Learning Assistant Program
Learning Assistants (LAs) are undergraduate students who are prepared to provide support for student learning in an interactive classroom environment. LAs can help facilitate active learning and collaborative instruction in lecture, recitation, studio, and/or lab.
A list of courses supported by semester can be found by scrolling down below. To apply to be an LA, please click on “Join Our Team” in the upper right corner of the website to fill out the Tutoring and Academic Support common application. Faculty can apply for LA support here.
Fall 2023 Courses Supported
Click below to see the list of courses supported by Learning Assistants (LAs) for Fall 2023.
Our Learning Assistant Program includes:
- CHEM 1211K: Chemical Principles I
- CHEM 1212K: Chemical Principles II
- First-Year Chemistry Labs
- CHEM 2311: Organic Chemistry I
- CHEM 2312: Organic Chemistry II
- COE 2001: Statics
- ID 1011: Industrial Design Fundamentals I
- ID 1401: Intro to Graphical Commmunication I
- ID 1418: Intro to Sketching & Modeling
- ID 2023: Industrial Design Studio 1
- ID 3051: Interactive Product Design Studio
- ID 3510: Intro to Interactive Product Design
- ID 3813: Soft Goods Design
- Math 1111: College Algebra
- MATH 1113: Precalculus
- ME 2202: Dynamics of Rigid Bodies
- MGT 2250: Management Statistics
- MGT 2255: Quantitative Analysis for Business
- MGT 3062: Financial Management
- MUSI 3611: Symphony Orchestra
Additional Courses in Past Semesters
Click below to see additional courses that have been supported by Learning Assistants (LAs) since Spring 2021.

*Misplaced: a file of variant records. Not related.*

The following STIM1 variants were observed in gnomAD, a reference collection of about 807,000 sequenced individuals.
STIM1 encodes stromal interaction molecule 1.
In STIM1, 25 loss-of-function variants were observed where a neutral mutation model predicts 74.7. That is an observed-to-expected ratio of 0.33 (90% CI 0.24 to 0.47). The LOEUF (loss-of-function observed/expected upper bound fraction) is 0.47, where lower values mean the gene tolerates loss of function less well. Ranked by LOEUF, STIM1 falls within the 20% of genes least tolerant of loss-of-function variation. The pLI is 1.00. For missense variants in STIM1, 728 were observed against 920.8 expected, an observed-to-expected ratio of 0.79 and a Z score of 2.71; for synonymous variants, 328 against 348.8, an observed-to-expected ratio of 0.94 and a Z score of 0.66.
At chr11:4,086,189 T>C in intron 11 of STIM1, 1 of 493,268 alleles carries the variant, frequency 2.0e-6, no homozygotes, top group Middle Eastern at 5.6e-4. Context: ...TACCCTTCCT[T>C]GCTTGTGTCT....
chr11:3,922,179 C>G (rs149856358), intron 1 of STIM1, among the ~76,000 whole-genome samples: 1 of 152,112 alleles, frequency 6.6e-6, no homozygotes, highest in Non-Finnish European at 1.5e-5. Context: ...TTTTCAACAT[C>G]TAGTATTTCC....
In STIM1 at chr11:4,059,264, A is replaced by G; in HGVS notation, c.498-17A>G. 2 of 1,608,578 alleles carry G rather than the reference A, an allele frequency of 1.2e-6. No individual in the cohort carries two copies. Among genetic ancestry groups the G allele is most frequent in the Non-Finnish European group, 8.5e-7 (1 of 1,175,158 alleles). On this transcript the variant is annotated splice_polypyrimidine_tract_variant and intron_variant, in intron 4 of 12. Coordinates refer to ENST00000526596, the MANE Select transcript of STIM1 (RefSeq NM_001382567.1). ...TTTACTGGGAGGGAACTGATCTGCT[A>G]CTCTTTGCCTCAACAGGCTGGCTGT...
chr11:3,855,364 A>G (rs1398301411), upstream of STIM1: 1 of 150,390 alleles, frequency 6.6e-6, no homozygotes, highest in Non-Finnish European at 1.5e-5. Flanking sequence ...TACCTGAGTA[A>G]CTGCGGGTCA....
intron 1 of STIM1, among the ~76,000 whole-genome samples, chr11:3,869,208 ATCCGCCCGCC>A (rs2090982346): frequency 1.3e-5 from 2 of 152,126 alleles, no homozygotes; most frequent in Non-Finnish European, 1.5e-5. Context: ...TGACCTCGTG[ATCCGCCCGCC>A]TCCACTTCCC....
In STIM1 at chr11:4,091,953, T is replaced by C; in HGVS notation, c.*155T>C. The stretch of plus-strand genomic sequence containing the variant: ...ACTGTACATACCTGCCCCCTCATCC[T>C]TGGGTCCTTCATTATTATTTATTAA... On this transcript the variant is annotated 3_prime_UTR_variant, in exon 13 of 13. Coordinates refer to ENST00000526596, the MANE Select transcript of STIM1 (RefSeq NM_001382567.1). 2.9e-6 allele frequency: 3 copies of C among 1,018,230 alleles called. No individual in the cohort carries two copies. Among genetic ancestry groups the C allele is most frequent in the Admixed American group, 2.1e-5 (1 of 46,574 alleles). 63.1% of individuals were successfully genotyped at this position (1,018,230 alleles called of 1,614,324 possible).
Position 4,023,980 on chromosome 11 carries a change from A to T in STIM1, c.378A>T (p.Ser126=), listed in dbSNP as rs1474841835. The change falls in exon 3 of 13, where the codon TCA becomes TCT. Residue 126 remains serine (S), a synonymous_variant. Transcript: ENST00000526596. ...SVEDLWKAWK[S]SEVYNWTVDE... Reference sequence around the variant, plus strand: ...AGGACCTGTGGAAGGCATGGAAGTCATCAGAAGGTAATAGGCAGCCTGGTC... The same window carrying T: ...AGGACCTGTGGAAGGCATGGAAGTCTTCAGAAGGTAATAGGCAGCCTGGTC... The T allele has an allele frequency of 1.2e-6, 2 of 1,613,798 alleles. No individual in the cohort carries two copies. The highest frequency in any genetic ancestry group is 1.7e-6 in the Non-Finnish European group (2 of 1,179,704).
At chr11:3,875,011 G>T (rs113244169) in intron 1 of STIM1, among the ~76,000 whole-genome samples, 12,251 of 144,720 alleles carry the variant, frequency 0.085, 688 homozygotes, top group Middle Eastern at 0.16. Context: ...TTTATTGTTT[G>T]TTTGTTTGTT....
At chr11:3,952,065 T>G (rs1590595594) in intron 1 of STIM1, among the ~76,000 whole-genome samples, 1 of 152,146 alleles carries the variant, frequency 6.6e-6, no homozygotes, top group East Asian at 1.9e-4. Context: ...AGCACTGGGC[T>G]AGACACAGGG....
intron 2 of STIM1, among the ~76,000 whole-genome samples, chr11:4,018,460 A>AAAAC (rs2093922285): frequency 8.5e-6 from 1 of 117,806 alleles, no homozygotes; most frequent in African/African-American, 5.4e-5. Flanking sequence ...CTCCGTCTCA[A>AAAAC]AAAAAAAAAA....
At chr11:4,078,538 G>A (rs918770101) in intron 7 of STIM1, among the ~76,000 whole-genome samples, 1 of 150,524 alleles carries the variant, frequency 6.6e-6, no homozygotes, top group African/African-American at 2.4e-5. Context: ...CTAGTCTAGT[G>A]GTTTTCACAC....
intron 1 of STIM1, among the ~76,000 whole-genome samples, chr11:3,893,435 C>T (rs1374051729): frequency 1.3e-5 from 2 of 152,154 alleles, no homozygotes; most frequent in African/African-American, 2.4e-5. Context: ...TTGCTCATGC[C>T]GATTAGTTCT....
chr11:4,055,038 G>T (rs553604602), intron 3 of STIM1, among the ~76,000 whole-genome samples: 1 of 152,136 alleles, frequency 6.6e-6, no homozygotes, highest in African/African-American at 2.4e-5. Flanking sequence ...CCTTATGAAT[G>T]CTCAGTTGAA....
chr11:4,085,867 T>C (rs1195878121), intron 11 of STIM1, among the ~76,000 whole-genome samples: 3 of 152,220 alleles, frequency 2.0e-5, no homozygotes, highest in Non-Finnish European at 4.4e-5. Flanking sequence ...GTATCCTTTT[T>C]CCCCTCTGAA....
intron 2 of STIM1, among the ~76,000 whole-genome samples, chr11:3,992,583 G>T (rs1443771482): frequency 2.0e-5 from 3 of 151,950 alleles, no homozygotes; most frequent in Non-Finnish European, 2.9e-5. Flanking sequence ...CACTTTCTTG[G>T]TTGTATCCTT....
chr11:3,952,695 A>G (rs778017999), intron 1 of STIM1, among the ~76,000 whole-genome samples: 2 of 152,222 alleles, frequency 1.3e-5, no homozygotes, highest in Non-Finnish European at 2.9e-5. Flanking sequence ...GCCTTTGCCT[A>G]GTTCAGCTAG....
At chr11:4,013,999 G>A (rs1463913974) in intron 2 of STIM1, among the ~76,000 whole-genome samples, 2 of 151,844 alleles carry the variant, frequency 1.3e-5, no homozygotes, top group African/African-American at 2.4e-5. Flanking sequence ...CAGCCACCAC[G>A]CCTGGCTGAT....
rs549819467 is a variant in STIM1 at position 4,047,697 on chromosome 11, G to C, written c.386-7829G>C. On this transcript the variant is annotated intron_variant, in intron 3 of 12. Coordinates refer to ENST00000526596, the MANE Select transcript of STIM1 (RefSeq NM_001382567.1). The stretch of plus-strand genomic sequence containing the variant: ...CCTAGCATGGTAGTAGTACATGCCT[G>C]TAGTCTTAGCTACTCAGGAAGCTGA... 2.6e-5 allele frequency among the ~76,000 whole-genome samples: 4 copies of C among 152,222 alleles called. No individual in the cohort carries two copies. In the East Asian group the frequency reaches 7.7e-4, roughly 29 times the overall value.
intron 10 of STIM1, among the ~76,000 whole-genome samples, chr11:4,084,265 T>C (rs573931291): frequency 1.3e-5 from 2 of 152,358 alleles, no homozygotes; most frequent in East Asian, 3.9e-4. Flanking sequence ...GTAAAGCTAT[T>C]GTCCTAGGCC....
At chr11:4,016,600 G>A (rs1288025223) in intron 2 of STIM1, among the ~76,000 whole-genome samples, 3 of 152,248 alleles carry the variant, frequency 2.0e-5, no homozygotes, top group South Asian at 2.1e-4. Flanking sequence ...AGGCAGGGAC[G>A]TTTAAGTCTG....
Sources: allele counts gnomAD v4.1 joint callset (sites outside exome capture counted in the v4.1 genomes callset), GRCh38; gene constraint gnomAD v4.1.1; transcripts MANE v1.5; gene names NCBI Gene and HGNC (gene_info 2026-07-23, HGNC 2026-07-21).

Additional Courses in our Program:
- AE 2010: Thermo & Fluids
- AE 2220: Dynamics
- CHEM 1315
- CHEM 4511
- COE 3001
- EAS 1601
- ID 1012
- ID 1419
- ID 2024
- ID 3052
- MATH 1550
- MSE 3021
- MSE 4022
Why start a LA Program now?
The COVID-19 pandemic has initiated remarkable and impactful changes to the educational landscape. As instruction transitions back to an in-person format, instructors will need to decide which elements of remote learning they want to maintain. For example, by shifting content delivery to online videos, the in-person component might be used for collaboration and discussion. This is a great opportunity to transform the classroom experience into an active environment with the help of Learning Assistants.
Who are LAs?
Learning Assistants (LAs) are undergraduate students who are prepared to provide support for student learning in an interactive classroom environment. LAs can help facilitate active learning and collaborative instruction in lecture, recitation, studio, and/or lab. LAs are able to guide or coach students by sharing skills and knowledge they have already learned from taking the course. In addition, they can use their skills to identify and address student difficulties with course content. LAs engage in pedagogical training to assist them in promoting student learning outcomes.
Why are LAs important?
Learning Assistants provide a viewpoint different than the instructor or TA. Since the LA has more recently taken the course, they may have unique insights of where students struggle and can help students grasp the concept in a more relatable way. One of the biggest advantages of having an LA in the classroom is it provides another point of contact for the student. It decreases the student to teacher ratio, which can be valuable for larger lecture courses.